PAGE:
How effective is pelvic floor muscle training?

A meta-analysis (a study that combines the results of several clinical trials) found that PFMT leads to an improvement in continence in the short term, but a modest difference between intervention and control groups at 12 months. Biofeedback is used to assist with PFMT but its efficacy remains controversial. One randomized controlled trial (RCT) of 73 men found a benefit to biofeedback with a 96% continence rate for patients treated with biofeedback vs 75% in the control group 1 year after surgery. Biofeedback with PFMT may speed up the immediate recovery of continence postoperatively (1).

Electrical stimulation (ES)

Electrical impulses are produced by a dedicated machine, relayed by a probe or an electrode, and transmitted to the muscles through nerve fibres. This causes the muscles to contract, without the need for a voluntary command provided by the patient’s brain. The practitioner can adjust the electrical parameters of the stimulation (intensity, frequency, recovery time and overall duration of the session). ES uses electrical current to stimulate the muscle fibres which can improve self-perception of the muscular activity. Improving the strength of the pelvic muscles can also lead to a reduction in daily urine leakage. ES may lead to a faster recovery of urinary continence, but no long-term benefit has been demonstrated at 6 months or greater after surgery.

Penile clamp

A well-fitting penile clamp may be a comfortable alternative in those where the above-mentioned measures have failed, and the person prefers not to move on to medical or surgical treatment options. The clamp seals off the penis to prevent urine leakage and can be released when the patient is ready to empty their bladder.

Pharmacologic therapy

In selected people medication may be an option. These drugs include antimuscarinics (relax the muscle in the bladder wall) for those whose bladder muscles are overactive, phosphodiesterase inhibitors (such as sildenafil or tadalafil), and alpha-adrenergic agonists (contract the muscle to close off the exit of the bladder). One study found that participants with 9-month tadalafil treatment after radical prostatectomy had significant improvement compared with placebo.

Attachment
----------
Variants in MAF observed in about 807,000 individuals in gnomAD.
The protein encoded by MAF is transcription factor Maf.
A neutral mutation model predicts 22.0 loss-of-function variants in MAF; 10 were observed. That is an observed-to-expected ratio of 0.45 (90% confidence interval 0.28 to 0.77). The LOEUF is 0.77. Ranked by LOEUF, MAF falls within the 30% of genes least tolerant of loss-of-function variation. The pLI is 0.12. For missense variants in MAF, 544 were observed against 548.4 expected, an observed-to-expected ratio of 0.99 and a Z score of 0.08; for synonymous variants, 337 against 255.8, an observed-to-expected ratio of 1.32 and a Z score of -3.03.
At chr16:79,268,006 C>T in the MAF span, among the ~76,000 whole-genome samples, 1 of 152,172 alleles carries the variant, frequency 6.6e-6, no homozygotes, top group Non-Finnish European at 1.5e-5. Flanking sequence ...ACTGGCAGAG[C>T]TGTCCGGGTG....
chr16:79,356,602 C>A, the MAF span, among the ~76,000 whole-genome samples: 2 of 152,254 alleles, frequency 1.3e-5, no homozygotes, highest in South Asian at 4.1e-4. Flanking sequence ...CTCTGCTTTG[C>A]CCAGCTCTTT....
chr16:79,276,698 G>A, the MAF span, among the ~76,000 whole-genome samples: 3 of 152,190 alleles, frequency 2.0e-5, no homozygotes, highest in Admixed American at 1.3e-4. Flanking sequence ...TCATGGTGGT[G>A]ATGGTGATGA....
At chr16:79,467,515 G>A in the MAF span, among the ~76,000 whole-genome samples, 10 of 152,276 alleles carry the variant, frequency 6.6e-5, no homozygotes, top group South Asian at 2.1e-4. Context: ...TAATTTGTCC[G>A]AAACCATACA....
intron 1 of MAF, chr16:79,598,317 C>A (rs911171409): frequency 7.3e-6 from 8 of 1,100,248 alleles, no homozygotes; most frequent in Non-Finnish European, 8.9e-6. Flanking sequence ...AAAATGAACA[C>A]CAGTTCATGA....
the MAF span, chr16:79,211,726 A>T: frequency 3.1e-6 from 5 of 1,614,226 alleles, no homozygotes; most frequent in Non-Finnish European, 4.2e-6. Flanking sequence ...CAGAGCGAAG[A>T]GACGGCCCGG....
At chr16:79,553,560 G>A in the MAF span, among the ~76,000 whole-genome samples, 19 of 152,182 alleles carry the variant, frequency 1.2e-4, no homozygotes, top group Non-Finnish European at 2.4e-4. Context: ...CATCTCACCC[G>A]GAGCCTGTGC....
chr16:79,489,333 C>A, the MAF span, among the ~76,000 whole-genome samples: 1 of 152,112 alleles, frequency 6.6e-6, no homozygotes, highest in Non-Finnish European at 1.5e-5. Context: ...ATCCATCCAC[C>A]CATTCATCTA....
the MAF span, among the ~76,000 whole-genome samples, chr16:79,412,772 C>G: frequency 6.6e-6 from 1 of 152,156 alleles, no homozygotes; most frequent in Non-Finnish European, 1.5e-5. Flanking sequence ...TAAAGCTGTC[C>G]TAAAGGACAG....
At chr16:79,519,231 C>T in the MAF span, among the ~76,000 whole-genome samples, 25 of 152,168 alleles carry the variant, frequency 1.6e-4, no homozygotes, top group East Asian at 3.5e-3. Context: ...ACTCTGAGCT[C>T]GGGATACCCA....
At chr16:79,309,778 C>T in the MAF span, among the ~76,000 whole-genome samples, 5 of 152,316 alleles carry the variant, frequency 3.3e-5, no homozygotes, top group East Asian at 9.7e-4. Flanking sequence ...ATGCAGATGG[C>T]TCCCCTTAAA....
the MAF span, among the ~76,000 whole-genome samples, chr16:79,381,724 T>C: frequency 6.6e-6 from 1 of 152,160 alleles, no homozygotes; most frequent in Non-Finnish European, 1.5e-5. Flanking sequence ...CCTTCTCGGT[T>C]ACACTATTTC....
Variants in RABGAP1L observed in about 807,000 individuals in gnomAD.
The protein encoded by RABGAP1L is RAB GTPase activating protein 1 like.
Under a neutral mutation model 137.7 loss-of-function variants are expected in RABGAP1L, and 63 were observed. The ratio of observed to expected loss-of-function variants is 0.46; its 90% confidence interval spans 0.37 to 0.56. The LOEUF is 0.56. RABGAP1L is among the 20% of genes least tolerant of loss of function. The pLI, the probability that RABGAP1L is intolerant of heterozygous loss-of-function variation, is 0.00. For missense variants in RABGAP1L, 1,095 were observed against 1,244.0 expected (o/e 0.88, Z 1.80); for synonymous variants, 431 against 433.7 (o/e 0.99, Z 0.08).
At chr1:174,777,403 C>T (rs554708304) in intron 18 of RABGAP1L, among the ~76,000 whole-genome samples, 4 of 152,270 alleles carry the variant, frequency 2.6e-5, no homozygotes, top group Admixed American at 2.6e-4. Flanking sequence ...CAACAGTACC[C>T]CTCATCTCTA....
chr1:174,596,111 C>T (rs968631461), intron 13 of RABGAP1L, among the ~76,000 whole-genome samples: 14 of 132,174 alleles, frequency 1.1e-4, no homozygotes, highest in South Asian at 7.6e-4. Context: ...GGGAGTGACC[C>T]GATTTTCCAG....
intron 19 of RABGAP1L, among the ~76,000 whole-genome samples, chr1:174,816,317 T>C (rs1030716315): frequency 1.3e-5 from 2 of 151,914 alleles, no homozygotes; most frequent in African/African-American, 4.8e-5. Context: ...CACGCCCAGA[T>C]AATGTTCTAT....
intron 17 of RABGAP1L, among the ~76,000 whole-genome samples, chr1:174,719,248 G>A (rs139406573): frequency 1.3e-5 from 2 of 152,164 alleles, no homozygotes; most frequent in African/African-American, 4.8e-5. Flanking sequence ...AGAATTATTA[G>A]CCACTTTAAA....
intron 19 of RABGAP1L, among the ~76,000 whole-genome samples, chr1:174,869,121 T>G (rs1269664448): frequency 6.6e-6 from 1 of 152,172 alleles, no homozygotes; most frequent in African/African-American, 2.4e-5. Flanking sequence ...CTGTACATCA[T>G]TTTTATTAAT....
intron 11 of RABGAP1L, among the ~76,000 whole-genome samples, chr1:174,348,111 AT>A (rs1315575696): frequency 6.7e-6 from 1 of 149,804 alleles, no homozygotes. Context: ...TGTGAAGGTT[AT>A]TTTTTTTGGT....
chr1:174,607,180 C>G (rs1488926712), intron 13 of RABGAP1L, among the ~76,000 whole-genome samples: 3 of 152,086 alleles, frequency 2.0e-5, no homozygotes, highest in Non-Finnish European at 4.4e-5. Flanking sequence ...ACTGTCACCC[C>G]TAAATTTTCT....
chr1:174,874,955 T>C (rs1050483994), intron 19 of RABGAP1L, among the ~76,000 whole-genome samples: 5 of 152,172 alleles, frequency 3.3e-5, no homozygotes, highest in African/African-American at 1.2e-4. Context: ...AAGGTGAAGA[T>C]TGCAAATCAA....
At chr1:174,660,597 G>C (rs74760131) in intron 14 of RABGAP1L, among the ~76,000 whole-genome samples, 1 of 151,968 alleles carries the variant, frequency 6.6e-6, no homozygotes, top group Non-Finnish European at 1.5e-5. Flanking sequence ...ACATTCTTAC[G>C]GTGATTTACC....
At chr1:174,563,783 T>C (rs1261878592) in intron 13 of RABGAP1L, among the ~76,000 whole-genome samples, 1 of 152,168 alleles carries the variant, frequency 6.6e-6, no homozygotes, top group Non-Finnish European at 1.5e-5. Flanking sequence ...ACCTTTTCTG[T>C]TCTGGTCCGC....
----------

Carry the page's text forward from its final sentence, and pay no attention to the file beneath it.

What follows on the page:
Detrusor overactivity (overactive bladder) may be a contributing factor to incontinence in some. A trial comparing solifenacin to placebo found a reduction in average change in pads per day, and improvement to quality of life.

Duloxetine, a type of anti-depressant, acts by increasing the stimulus sent to the urethral sphincter sealing it off to prevent urine leakage in those with intrinsic sphincter deficiency.

Overall, pharmacotherapy provides only a mild benefit and is not the definitive treatment of choice, but may augment other treatment modalities.


Incontinence can be very debilitating resulting in unpleasant odour, recurrent urinary tract infections, impact on sexual and ultimately mental health. There is a high correlation between depression and incontinence. For these reasons it must be treated. If conservative management fails, the next choice of treatment that should be considered is surgical treatment (which is addressed in another blog).

Watch a webinar hosted by the PCFA Shine A Light Support group with Special Guest Speaker and Internationally renowned, local functional urologist Professor Vincent Tse. Webinar: Urination troubles and prostate cancer - YouTube


1. Radadia KD, Farber NJ, Shiner B, Poltti CF, Milas LJ, Tunuguntla HSGR. Management of postradical prostatectomy urinary incontinence: A review. Urology 2018; 113: 13-19.

2. Rahnama'I MS., Marcelissen T, Geavlete B, Tutolo M, Hüsch T. Current Management of Post-radical Prostatectomy Urinary Incontinence. Frontiers in Surgery 2021; 8.

3. Park JJ, Kwon A, Park JY, Shim SR, Kim JH. Efficacy of pelvic floor exercise for post-prostatectomy incontinence: Systematic review and meta-analysis. Urology 2022.

4. Patel M, Yao J, Hirschhorn AD, Mungovan SF. Preoperative pelvic floor physiotherapy improves continence after radical retropubic prostatectomy. International Journal of Urology 2013; 20(10) 986-992.



About the Author

Kalli Spencer

MBBCh, FC Urol (SA), MMed (Urol), Dip.Couns (AIPC)

Kalli is an internationally renowned Urological Surgeon, specialising in oncology and robotic surgery. He trained and worked in South Africa, before relocating to Australia where he has worked at Macquarie University Hospital and Westmead Hospital. His passion for what he does extends beyond the operating room, through public health advocacy, education and community awareness of men’s health, cancer and sexuality.

Kalli has been involved with the Prostate Cancer Foundation of Australia for many years, advocating for improved cancer care and facilitating community prostate cancer support groups.